4. Creating Employment Opportunities
It is important to identify real employment opportunities within the organisation that someone with a learning disability can consider. There is not a single definition of the type of jobs that you can consider as everyone, including those with a learning disability, is different, with different skills and experiences.
4.1 Identifying Real Jobs
If your organisation has yet to employ someone with a learning disability start recruitment with the most interested and committed departments. The employment process may have existing barriers and it is more likely that a committed department will put in the extra time and effort to overcome these. Once your organisation has identified a sustainable path to employment the process can be completed by other departments. Jobs that are commonly suitable for people with a learning disability tend to be in operational departments. The cyclical nature of operational departments makes it more likely to have fixed, repetitive tasks that are easier for some employees with a learning disability to learn.
4.1.1 Real Jobs
When considering recruiting someone with a learning disability all jobs should have real and proven demand. People with learning disabilities should only be recruited for jobs that are valued by managers and colleagues alike. Real jobs have wages paid at the going rate, and have the same terms and conditions as similar jobs.
Nevertheless, job descriptions and recruitment practices should make reasonable accommodation ensuring in particular that essential criteria are regulated when advertising so that the bar isn’t inadvertently set too high. As a result, it would be useful to regularly review job descriptions with this in mind, thinking, as you would for any candidate how skills and experience can be evidenced in a number of ways.
Similar to roles for the rest of the workforce, each job should have the possibility of development and progression. Development in a role can include increasing working hours, gaining more responsibility, or completing more tasks.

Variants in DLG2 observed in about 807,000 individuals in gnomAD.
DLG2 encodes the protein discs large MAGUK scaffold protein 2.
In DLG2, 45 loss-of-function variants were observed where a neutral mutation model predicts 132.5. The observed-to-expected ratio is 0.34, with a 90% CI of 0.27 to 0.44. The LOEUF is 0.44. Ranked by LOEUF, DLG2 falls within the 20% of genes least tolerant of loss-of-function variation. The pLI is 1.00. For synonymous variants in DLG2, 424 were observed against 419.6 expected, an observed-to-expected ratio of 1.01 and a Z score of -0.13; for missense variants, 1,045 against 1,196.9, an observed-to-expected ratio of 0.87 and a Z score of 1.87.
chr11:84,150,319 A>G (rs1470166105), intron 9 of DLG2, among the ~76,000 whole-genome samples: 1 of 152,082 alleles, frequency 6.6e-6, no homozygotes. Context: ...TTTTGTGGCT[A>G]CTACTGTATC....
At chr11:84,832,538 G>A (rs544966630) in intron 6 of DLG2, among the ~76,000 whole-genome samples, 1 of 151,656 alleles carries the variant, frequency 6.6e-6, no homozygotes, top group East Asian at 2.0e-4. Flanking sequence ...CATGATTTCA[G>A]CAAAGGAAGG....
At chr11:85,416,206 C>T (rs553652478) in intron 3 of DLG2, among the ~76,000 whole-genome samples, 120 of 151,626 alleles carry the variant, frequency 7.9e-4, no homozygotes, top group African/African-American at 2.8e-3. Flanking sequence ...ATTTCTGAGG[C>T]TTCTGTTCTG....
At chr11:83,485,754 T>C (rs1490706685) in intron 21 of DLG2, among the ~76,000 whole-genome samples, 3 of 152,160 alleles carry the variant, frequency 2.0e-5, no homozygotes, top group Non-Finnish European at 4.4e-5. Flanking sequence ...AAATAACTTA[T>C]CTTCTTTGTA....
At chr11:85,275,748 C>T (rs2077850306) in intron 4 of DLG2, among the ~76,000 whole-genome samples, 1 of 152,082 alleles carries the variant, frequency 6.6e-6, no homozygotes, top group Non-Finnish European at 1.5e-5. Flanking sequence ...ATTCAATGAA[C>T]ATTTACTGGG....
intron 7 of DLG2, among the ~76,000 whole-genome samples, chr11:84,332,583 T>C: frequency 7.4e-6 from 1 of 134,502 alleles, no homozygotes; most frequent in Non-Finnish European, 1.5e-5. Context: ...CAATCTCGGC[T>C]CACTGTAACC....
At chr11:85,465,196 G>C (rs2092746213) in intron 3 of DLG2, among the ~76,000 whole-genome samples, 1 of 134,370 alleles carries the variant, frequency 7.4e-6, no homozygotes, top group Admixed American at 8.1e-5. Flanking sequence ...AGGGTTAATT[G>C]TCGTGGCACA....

4.1.3 What types of jobs can I consider?
To help identify the suitability of potential roles there are some general principles that can be applied within the organisation. The following are not ‘hard’ rules, and you need to look at individual skills and experiences, mindful that this may be a candidate’s first job:
- the candidate may be starting to build their skill base and experience, making lower bands (1 – 4) more accessible as first roles;
- jobs that have a fixed element, as people with learning disabilities can find change difficult to manage;
- roles that do not require constant problem solving;
Some of these roles may come from within existing jobs. A suite of case studies can be found on the NHS Employers webpage.
4.2 Entry Routes to Employment
Employability scheme, internships and work experience opportunities can play an important role in securing employment for people with learning disabilities in NHSScotland. The following are examples of different employability schemes that exist in the NHS.
For the younger workforce, a Modern Apprenticeship provides the opportunity to work towards earning a vocational qualification and promotes social inclusion by offering not just meaningful employment, but qualifications whilst working. This also leads to further career prospects and opportunities to develop.
Project Search offers an internship programme supporting young people with additional needs to gain skills and experience aimed at helping them move into sustainable employment within the NHS.
The Prince’s Trust and NHSScotland launched a three-year employability partnership support on 01 October 2018. The ‘Get Into Healthcare Programme’ provides 6 week intensive pre-employment programme of accredited work-based training, targeted at young people furthest from the job market. This will support young people to gain access to entry-level roles within NHSScotland, with the opportunity for this to act as a platform for a career pathway in non-clinical and clinical roles.
‘Place and Train’ approaches such as Supported Employment, where disabled people work with support from colleagues and a job coach are considered to be particularly effective as they allow employees to be trained on the job and help employees acquire the skills they need to perform. Organisations may wish to offer work experience placements as another way for individuals with learning disabilities to understand the opportunities available in the NHS, requirements of the role, and the environment they will be working in to help inform their decision-making when choosing an employer.
The Scottish Union of Supported Employment advocates an employment model which is an evidence-based, personalised approach to supporting people with significant disabilities (i.e. learning disability) find and retain a job. Many of Scotland’s local authorities offer supported employment services and would be willing to work with health boards to help more of their service participants into work if not already doing so. Further information on the supported employment model can be found in Annex A.
Email: Emma Weedon